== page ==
• Walk Deliberately, Don’t Run, Toward Online Education.” William G. Bowen. The Chronicle of Higher Education (March 25, 2013): “There is a real danger that the media frenzy associated with MOOCs will lead some colleges (and, especially, business-oriented members of their boards) to embrace too tightly the MOOC approach before it is adequately tested and found to be both sustainable and capable of delivering good learning outcomes for all kinds of students.”
  • I Don’t Want to Be Mooc’d.” Albert J. Sumell. The Chronicle of Higher Education (March 25, 2013): “But at smaller, lower-ranked institutions like mine—those typically with a city rather than a state in their names—MOOCs present a greater concern. Cost is a more important factor for our students in deciding whether and where to enroll. We would see decreased enrollment and tuition revenue, and without an unexpected increase in public support, we would be forced to further reduce the number of tenure-track faculty positions and/or compensation to current faculty members as a result.”
  • Coursera’s Contractual Elitism.” Ry Rivard. Inside Higher Ed (March 22, 2013): “The Silicon Valley-based company said to be revolutionizing higher education says in a contract obtained by Inside Higher Ed that it will “only” offer classes from elite institutions – the members of the Association of American Universities or “top five” universities in countries outside of North America – unless Coursera’s advisory board agrees to waive the requirement.”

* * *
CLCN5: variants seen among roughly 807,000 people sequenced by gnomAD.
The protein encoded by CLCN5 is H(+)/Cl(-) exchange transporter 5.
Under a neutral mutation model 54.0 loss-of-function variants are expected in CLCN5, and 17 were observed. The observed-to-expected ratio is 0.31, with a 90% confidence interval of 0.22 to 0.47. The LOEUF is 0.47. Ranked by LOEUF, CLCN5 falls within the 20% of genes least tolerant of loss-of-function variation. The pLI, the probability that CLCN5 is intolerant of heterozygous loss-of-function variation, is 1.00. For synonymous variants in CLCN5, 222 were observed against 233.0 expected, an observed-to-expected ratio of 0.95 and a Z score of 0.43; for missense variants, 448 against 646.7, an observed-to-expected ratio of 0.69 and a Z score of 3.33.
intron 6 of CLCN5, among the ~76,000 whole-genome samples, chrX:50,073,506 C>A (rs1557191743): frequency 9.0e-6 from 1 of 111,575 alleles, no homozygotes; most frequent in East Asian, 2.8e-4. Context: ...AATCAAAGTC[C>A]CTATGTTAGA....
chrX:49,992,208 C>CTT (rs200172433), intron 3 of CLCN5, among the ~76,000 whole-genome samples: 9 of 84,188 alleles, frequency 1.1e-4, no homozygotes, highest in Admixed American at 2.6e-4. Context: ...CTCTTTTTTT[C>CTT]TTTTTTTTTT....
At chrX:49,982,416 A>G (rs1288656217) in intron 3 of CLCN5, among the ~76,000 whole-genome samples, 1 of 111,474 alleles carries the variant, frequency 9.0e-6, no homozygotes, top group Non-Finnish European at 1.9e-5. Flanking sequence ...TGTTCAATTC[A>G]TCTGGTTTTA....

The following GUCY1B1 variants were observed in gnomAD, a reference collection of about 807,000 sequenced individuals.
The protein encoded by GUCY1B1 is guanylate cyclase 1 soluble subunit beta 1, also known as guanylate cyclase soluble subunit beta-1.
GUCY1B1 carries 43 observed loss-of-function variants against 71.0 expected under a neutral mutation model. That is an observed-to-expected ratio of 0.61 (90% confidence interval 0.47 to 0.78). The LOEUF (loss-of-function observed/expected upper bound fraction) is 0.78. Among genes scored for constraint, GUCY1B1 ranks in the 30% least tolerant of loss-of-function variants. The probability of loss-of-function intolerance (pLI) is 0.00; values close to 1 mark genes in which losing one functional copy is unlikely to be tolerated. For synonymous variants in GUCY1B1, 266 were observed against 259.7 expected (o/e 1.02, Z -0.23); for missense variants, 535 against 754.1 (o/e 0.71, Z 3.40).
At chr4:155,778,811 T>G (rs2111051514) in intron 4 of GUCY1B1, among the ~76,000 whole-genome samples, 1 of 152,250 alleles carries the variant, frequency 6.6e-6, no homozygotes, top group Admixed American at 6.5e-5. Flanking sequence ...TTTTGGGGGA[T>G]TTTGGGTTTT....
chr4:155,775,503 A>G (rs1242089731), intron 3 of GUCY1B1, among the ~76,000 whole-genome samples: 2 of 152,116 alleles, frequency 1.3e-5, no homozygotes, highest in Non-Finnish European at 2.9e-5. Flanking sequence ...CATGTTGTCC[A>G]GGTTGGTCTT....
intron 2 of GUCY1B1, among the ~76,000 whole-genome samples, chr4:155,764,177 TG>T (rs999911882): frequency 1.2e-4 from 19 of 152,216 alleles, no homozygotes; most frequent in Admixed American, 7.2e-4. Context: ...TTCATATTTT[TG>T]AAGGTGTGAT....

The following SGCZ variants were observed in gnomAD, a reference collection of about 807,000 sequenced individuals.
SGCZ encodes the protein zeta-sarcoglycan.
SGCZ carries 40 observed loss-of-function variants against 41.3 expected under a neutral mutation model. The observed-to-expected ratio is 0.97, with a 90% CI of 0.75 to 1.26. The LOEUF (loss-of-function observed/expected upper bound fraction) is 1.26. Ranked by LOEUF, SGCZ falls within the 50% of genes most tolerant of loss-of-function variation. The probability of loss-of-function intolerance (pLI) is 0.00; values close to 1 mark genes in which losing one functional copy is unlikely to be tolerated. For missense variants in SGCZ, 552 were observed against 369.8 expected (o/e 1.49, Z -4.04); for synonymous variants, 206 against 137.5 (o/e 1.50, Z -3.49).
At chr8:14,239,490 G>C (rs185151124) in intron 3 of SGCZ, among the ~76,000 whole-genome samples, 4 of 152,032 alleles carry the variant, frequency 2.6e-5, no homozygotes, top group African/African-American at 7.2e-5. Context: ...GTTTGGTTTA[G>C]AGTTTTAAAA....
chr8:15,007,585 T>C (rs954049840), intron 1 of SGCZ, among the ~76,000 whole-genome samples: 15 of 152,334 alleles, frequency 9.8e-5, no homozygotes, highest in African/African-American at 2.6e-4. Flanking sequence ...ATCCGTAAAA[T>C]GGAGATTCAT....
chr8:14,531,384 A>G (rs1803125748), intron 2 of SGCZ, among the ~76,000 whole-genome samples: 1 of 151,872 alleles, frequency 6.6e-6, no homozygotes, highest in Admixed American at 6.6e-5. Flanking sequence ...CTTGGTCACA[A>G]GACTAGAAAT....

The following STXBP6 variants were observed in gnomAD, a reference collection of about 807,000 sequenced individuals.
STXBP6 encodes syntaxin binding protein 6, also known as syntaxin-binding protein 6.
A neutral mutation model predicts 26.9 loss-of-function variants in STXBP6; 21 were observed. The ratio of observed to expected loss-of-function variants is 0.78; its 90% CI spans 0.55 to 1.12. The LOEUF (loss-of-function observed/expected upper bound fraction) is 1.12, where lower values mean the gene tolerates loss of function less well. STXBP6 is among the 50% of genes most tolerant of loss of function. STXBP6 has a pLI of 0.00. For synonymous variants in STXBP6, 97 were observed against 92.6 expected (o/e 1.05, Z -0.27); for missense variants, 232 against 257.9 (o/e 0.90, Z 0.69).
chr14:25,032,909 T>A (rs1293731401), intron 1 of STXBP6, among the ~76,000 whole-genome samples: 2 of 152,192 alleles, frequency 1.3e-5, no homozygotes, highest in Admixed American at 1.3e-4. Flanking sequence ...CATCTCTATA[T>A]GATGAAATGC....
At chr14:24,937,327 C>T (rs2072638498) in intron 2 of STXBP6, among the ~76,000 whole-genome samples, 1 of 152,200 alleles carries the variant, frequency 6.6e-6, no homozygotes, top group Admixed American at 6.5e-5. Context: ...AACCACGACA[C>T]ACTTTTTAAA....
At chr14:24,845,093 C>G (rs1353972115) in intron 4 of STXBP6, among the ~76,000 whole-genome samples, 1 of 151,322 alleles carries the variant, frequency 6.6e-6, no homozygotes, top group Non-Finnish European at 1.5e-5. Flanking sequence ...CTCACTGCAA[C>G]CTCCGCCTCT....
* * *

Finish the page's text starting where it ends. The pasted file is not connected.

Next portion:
• The Professors Who Make the MOOCs.” The Chronicle of Higher Education (March 20, 2013):

Robert W. Ghrist, a professor of mathematics and electrical and systems engineering at the University of Pennsylvania, is among [those who think MOOC students deserve course credit]. His MOOC, “Calculus: Single Variable,” is one of the five Coursera courses that ACE has recommended for credit. Fitting his assessments into the parameters of Coursera’s auto-grading system has been somewhat limiting, but no more than the math placement exams that Penn already uses, said Mr. Ghrist, who previously oversaw those tests. “I would, of course, prefer it if I could read over their work carefully and follow their logic,” he said. But that is a technology problem that Coursera will soon solve, he believes.

  • Colleges Assess Cost of Free Online-Only Courses.” David Wallis. The New York Times (March 18, 2013): Gary W. Matkin, dean of continuing education, distance learning and summer session at the University of California, Irvine, “forecasts tough times ahead for what he calls the ‘mediocre middle’ — institutions that have not been invited into what amounts to a higher-education V.I.P. room.”